O'Reilly Still Refuses To Face Facts About Stop-And-Frisk

While highlighting violent crime among minority groups, Fox News host Bill O'Reilly promoted the controversial practice of “stop-and-frisk,” a policy that has not stopped crime but has raised significant constitutional concerns.

On The O'Reilly Factor, O'Reilly argued that violence among minorities has decreased thanks to a program called “stop-and-frisk.” The policy, which has been featured most prominently in New York City, allows law enforcement officers to stop and search anyone they consider to be suspicious. The New York Times reported that “the approach led to close to 700,000 stops in 2011 alone.” On his show, O'Reilly described the program by saying “the police take the guns and they pat down people,” adding, “Stats aside, it's a fact that if you take stop-and-frisk away, more black Americans and more Hispanic Americans are going to die”:

But, as Fox News contributor Alan Colmes pointed out, there is no evidence that stop-and-frisk has decreased crime. New York magazine pointed out that shootings have actually increased in New York City as incidents of stop-and-frisk soared:

When looking at gun violence in which people don't die, shootings have remained steady while the number of stop-and-frisks skyrocketed:

While the NYPD was stopping and frisking a record 685,724 people last year, 1,821 people were victims of gunfire, according to NYPD and city statistics. That's virtually the same number as in 2002, Bloomberg's first year in office, when 1,892 people were shot, but just 97,296 people were frisked.


Between 2009 and 2011, the number of people shot in New York climbed from 1,727 to 1,821 even as the NYPD was ratcheting up the number of people it rousted from 510,742 in 2009 to the record 685,724, the statistics showed.

A similar pattern of rising shootings and escalating stop-and-frisks occurred from 2004 through 2006. During those years, the NYPD stop-and-frisks jumped 70 percent, from 313,523 to 506,491, but the number of shooting victims rose about 7 percent, from 1,777 to 1,880.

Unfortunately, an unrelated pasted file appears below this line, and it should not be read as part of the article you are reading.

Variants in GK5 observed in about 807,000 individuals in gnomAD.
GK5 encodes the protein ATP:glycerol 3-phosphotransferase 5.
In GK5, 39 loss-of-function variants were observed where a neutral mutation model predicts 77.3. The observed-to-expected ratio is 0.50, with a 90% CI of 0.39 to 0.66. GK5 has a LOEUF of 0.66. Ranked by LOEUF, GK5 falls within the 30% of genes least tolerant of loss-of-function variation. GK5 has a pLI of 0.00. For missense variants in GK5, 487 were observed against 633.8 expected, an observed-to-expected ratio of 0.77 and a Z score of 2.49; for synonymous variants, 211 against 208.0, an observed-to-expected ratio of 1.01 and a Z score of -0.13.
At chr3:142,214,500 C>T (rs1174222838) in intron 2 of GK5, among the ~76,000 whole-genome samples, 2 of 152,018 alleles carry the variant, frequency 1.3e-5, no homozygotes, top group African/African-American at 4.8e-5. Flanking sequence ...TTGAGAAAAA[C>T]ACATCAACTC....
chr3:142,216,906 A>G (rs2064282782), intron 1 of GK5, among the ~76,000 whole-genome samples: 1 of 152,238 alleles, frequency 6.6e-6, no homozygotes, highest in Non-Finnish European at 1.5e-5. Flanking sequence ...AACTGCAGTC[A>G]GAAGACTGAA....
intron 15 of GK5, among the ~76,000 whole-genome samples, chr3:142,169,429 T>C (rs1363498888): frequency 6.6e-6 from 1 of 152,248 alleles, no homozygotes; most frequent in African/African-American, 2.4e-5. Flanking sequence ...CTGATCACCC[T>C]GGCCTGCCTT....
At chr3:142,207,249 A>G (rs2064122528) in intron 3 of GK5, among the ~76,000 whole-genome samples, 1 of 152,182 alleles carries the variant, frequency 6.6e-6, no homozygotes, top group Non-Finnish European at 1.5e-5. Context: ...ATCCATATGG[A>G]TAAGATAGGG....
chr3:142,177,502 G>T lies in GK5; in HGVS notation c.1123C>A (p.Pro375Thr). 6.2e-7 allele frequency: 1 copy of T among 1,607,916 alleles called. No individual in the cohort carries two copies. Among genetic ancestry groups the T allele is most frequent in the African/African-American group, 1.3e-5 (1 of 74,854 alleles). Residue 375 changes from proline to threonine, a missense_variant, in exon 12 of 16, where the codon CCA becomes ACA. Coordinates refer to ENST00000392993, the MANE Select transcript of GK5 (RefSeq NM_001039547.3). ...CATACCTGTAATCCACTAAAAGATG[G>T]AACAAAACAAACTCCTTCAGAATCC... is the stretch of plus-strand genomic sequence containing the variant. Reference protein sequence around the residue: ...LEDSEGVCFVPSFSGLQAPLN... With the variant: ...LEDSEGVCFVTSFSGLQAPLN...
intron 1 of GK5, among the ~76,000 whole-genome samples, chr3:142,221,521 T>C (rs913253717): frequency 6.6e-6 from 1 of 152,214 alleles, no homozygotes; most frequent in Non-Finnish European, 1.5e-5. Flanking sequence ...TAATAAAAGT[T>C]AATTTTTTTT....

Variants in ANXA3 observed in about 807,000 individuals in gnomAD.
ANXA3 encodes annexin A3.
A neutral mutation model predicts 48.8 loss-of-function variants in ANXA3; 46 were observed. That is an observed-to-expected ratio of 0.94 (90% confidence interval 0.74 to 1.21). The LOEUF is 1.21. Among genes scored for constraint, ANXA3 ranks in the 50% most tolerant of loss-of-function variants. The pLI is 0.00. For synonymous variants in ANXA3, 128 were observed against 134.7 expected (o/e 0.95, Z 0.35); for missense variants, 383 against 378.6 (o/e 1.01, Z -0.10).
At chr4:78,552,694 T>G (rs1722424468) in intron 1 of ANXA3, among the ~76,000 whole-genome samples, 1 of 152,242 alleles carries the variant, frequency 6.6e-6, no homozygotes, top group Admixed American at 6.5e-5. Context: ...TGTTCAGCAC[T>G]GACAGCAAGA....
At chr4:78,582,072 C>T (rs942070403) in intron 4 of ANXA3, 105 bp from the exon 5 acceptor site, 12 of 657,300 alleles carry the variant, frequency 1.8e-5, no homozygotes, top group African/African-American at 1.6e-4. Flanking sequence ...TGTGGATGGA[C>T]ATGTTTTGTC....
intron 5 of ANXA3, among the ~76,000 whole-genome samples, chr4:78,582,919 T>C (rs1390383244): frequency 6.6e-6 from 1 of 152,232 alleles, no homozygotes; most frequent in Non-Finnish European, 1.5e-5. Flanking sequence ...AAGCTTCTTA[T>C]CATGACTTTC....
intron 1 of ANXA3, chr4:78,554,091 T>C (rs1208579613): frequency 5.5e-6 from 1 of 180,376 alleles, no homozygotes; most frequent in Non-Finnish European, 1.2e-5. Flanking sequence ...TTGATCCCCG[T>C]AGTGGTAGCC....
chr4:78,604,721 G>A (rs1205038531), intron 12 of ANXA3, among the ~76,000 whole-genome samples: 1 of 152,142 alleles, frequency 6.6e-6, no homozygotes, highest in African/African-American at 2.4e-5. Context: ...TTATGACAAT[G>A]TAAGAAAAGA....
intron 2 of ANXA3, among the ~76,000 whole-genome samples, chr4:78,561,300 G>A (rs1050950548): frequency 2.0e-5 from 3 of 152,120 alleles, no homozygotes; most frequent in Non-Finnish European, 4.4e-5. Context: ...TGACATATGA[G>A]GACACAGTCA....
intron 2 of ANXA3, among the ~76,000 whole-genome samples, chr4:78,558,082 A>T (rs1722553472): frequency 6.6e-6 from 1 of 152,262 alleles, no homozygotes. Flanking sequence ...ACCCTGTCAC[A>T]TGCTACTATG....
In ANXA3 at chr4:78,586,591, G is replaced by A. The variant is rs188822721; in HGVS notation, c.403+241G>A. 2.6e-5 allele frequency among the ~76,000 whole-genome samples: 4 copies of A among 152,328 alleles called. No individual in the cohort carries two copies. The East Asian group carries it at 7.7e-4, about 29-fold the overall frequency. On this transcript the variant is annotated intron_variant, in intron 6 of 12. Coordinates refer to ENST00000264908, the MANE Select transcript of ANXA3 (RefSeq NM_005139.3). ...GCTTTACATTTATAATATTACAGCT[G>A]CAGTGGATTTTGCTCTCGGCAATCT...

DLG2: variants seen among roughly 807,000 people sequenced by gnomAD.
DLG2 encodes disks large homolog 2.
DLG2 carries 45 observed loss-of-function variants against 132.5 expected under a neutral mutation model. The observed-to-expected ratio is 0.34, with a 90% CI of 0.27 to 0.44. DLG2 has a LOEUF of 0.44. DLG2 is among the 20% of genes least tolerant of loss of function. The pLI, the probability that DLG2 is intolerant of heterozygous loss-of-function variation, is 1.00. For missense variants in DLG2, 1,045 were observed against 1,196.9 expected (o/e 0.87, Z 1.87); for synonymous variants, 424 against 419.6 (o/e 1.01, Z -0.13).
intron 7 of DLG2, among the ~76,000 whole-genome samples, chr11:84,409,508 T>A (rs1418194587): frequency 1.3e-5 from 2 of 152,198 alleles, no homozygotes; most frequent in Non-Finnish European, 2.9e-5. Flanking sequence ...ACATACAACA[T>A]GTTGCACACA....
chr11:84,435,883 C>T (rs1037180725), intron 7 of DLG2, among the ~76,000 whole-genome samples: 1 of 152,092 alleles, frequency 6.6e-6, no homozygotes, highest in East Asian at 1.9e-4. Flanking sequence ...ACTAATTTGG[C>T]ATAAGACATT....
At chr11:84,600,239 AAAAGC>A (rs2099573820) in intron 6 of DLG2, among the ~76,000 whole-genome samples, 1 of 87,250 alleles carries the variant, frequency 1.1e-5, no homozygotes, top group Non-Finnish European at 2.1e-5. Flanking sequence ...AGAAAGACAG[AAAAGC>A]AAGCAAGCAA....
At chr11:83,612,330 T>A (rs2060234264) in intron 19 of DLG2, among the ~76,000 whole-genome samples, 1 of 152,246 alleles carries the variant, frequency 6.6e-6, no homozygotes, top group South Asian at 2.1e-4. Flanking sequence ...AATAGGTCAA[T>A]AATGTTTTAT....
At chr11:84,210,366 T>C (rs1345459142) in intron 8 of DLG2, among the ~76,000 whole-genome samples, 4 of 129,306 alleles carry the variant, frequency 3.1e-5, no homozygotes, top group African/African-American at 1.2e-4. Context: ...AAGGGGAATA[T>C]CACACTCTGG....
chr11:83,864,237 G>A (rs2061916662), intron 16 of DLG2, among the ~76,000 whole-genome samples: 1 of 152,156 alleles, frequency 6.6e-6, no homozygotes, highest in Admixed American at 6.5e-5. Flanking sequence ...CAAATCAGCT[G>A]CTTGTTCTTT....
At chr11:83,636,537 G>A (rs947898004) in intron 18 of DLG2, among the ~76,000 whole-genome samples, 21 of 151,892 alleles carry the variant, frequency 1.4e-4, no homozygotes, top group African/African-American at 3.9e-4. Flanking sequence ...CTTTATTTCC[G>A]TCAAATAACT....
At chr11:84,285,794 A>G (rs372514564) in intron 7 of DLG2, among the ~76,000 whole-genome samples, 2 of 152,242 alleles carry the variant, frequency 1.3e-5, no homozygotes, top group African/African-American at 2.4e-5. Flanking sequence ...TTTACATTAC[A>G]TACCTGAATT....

Responding to claims by the NYPD that stop-and-frisk is “critically important to recovering guns,” the New York Civil Liberty Union noted that “while the number of stops has increased enormously since 2003, ... the number of additional weapons being recovered as a result of those additional stops is tiny”:

The NYPD has increasingly sought to justify the large number of stops on the grounds that the stop-and-frisk program is critically important to recovering guns. In making this claim, the Department has noted that in 2011 stop-and-frisk resulted in the recovery of 780 guns. The Department's citation to the 780 figure is significantly misleading, however, when used in attempt to justify the increase in stops during the Bloomberg administration. In truth, while the number of stops has increased enormously since 2003 (the earliest year for which a gun recovery figure is available), the number of additional weapons being recovered as a result of those additional stops is tiny.

The program also has raised constitutional concerns. In May 2012, a federal judge granted class-action status to a lawsuit filed against stop-and-frisk, calling the program evidence of a “deeply disturbing apathy towards New Yorkers' most fundamental constitutional rights.” In January, a part of the program was ruled unconstitutional. The New York Daily News reported:

Manhattan Federal Court Judge Shira Scheindlin ordered police to refrain from making some trespass stops outside private residential buildings -- even though the landlord has given officers permission to do so as part of the NYPD's “Clean Halls” program.

“While it may be difficult to say when precisely to draw the line between constitutional and unconstitutional police encounters such a line exists, and the NYPD has systematically crossed it when making trespass stops outside buildings,” Scheindlin wrote in a 157-page ruling.

O'Reilly has promoted stop-and-frisk before. On the June 5, 2012, edition of Fox & Friends, O'Reilly defended the program, saying “it is racial profiling, but it's really criminal profiling.”